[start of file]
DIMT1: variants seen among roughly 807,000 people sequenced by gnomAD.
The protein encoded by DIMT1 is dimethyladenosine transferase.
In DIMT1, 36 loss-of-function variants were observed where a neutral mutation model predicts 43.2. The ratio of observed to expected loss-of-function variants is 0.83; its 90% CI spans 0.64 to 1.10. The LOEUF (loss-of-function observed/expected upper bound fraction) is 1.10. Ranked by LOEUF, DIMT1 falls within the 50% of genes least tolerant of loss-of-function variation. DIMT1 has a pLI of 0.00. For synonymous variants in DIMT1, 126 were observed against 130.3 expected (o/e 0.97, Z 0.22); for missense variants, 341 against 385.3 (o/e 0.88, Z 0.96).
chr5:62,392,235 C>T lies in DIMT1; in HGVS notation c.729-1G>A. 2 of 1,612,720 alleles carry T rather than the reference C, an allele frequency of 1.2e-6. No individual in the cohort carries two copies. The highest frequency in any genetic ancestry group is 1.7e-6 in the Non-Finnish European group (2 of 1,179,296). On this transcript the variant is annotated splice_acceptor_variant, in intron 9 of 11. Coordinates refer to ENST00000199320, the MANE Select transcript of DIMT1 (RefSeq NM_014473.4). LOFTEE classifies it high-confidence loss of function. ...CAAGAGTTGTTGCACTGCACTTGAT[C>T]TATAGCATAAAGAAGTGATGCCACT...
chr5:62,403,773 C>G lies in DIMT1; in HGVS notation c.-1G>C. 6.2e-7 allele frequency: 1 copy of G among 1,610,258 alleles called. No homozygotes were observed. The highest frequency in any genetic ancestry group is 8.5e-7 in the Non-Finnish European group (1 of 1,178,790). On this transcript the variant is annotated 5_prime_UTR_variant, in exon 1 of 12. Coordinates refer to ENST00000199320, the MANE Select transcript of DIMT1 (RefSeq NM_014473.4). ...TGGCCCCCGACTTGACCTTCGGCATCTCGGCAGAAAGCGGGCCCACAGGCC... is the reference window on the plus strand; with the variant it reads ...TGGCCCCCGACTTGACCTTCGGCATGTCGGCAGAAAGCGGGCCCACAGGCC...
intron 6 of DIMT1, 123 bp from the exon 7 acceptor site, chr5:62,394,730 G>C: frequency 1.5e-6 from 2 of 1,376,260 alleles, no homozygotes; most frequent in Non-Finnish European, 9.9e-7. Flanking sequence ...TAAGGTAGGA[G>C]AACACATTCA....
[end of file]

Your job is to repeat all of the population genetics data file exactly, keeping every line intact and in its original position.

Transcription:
DIMT1: variants seen among roughly 807,000 people sequenced by gnomAD.
The protein encoded by DIMT1 is dimethyladenosine transferase.
In DIMT1, 36 loss-of-function variants were observed where a neutral mutation model predicts 43.2. The ratio of observed to expected loss-of-function variants is 0.83; its 90% CI spans 0.64 to 1.10. The LOEUF (loss-of-function observed/expected upper bound fraction) is 1.10. Ranked by LOEUF, DIMT1 falls within the 50% of genes least tolerant of loss-of-function variation. DIMT1 has a pLI of 0.00. For synonymous variants in DIMT1, 126 were observed against 130.3 expected (o/e 0.97, Z 0.22); for missense variants, 341 against 385.3 (o/e 0.88, Z 0.96).
chr5:62,392,235 C>T lies in DIMT1; in HGVS notation c.729-1G>A. 2 of 1,612,720 alleles carry T rather than the reference C, an allele frequency of 1.2e-6. No individual in the cohort carries two copies. The highest frequency in any genetic ancestry group is 1.7e-6 in the Non-Finnish European group (2 of 1,179,296). On this transcript the variant is annotated splice_acceptor_variant, in intron 9 of 11. Coordinates refer to ENST00000199320, the MANE Select transcript of DIMT1 (RefSeq NM_014473.4). LOFTEE classifies it high-confidence loss of function. ...CAAGAGTTGTTGCACTGCACTTGAT[C>T]TATAGCATAAAGAAGTGATGCCACT...
chr5:62,403,773 C>G lies in DIMT1; in HGVS notation c.-1G>C. 6.2e-7 allele frequency: 1 copy of G among 1,610,258 alleles called. No homozygotes were observed. The highest frequency in any genetic ancestry group is 8.5e-7 in the Non-Finnish European group (1 of 1,178,790). On this transcript the variant is annotated 5_prime_UTR_variant, in exon 1 of 12. Coordinates refer to ENST00000199320, the MANE Select transcript of DIMT1 (RefSeq NM_014473.4). ...TGGCCCCCGACTTGACCTTCGGCATCTCGGCAGAAAGCGGGCCCACAGGCC... is the reference window on the plus strand; with the variant it reads ...TGGCCCCCGACTTGACCTTCGGCATGTCGGCAGAAAGCGGGCCCACAGGCC...
intron 6 of DIMT1, 123 bp from the exon 7 acceptor site, chr5:62,394,730 G>C: frequency 1.5e-6 from 2 of 1,376,260 alleles, no homozygotes; most frequent in Non-Finnish European, 9.9e-7. Flanking sequence ...TAAGGTAGGA[G>C]AACACATTCA....